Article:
TwinSetAndPearls Mon 25-Jul-05 18:35:39

Froma combination of my studies, my teaching exp and watching my daughter I would say that we are born with a genetic predisposed level of intelligence but this predisposition relies on the nurture for it to be fulfilled.

Even the brightest of geniuses will fail if they are not challenged, supported and stimulated.

Creole Mon 25-Jul-05 18:41:10

Exactly TSP,

I was going to say that you do have some who no matter what happens their intelligence will shine, but these are few and far between.

handlemecarefully Mon 25-Jul-05 23:19:00

I would go so far to say it is almost entirely nurture...and also intelligence is so subjective in many ways, how on earth are we to assess it.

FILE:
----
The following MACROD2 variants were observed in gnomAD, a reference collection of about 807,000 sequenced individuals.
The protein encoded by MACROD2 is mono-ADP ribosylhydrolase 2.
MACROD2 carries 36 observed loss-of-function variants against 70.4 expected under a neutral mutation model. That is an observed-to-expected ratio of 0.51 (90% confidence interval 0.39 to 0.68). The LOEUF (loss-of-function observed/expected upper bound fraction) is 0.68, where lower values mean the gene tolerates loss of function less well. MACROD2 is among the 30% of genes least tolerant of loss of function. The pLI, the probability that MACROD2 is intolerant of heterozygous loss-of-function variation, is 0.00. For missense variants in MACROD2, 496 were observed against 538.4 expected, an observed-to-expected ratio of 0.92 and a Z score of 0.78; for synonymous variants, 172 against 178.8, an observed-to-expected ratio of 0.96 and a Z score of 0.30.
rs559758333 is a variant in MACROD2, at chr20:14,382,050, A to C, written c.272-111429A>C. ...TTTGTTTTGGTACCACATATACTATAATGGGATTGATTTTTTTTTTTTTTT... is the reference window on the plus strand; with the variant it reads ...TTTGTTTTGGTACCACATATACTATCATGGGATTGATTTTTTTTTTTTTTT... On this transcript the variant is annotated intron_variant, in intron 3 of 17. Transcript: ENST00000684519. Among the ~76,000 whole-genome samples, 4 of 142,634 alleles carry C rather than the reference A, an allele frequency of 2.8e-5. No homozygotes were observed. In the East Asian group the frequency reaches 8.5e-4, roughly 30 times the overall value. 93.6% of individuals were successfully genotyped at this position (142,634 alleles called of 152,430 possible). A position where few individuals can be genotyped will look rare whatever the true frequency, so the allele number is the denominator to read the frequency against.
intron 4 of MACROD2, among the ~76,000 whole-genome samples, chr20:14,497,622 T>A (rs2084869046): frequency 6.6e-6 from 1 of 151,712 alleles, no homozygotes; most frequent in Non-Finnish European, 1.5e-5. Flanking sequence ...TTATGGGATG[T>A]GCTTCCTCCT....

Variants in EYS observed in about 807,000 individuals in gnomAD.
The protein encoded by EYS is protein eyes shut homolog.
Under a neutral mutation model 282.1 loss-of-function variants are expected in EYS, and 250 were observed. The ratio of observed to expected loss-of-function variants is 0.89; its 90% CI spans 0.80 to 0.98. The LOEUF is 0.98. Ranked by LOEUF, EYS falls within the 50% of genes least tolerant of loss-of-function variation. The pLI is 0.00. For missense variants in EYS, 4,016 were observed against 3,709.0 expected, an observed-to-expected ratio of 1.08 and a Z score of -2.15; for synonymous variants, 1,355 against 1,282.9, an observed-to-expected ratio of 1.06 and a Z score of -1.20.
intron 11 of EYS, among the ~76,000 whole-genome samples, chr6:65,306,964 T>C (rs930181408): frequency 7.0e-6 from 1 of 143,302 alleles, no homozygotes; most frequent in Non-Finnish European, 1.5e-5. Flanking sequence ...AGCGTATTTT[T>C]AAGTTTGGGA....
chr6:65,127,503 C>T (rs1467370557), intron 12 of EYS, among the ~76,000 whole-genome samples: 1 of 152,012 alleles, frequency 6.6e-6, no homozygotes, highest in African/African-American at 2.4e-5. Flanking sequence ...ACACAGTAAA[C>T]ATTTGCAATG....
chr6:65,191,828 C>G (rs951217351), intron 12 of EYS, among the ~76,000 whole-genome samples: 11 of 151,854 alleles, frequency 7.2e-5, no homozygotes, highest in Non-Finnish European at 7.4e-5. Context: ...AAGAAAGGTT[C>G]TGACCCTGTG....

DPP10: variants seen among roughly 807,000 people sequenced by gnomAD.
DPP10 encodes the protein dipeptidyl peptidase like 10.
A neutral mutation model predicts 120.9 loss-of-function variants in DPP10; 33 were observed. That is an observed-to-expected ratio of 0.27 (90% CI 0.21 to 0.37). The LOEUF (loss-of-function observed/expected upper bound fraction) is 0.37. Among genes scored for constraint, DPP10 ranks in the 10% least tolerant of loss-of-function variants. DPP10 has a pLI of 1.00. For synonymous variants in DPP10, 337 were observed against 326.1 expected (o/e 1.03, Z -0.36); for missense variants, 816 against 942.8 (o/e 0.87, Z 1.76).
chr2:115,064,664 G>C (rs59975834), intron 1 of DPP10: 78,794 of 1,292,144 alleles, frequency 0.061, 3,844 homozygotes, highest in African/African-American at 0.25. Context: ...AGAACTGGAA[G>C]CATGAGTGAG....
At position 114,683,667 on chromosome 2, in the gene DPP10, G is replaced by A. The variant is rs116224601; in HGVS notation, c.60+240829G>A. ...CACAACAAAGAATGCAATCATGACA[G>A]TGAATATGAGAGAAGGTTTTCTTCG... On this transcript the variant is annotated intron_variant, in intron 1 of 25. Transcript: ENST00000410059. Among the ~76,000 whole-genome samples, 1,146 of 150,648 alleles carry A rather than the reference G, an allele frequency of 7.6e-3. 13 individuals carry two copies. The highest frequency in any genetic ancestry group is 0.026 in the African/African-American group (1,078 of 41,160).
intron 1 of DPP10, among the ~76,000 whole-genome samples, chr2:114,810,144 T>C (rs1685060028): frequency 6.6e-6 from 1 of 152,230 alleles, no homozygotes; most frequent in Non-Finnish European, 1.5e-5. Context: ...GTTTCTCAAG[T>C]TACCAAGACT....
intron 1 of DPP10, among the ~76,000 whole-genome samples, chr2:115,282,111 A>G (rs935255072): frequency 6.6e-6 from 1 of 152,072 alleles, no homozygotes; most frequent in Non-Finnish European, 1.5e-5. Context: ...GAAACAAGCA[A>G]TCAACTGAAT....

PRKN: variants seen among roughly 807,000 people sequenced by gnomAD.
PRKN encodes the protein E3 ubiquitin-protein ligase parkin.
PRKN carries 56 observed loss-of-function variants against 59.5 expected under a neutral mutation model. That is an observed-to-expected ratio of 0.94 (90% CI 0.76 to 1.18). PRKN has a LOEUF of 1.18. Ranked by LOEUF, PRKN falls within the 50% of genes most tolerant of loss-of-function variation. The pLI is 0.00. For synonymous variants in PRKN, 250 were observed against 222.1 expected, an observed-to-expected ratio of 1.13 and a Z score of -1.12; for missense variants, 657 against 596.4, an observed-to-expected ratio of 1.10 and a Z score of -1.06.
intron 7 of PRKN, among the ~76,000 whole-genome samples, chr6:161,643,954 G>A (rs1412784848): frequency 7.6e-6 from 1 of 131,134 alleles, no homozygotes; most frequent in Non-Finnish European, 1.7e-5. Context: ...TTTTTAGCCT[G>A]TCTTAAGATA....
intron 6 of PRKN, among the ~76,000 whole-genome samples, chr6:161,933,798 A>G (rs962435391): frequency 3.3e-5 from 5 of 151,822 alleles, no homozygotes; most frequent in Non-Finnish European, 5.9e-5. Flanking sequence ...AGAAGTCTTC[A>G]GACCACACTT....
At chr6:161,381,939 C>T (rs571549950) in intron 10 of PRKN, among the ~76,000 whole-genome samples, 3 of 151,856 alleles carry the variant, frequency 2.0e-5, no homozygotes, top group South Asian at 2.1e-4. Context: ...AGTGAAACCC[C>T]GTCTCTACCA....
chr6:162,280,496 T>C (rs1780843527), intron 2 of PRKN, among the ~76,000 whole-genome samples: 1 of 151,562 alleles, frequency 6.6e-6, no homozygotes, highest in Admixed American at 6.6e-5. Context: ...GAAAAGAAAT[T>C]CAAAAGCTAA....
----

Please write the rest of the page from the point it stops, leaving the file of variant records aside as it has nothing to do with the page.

Janh Mon 25-Jul-05 23:28:35

Basic intelligence must be nature, surely? What is done with it is nurture. Some kids "get" things, some kids don't, however hard people try to teach them.

Intelligence alone is not necessarily a gift, however - common sense and empathy are vital - and it needs to be cultivated or it will wither.

handlemecarefully Mon 25-Jul-05 23:37:46

"Basic intelligence must be nature, surely" - probably Jan, I'm just being argumentative for the sake of it

Janh Mon 25-Jul-05 23:40:21

handlemecarefully Mon 25-Jul-05 23:40:31

However, I do believe (with no basis of evidence to support this whatsoever ) that it is far less 'genetic'/ nature than people think.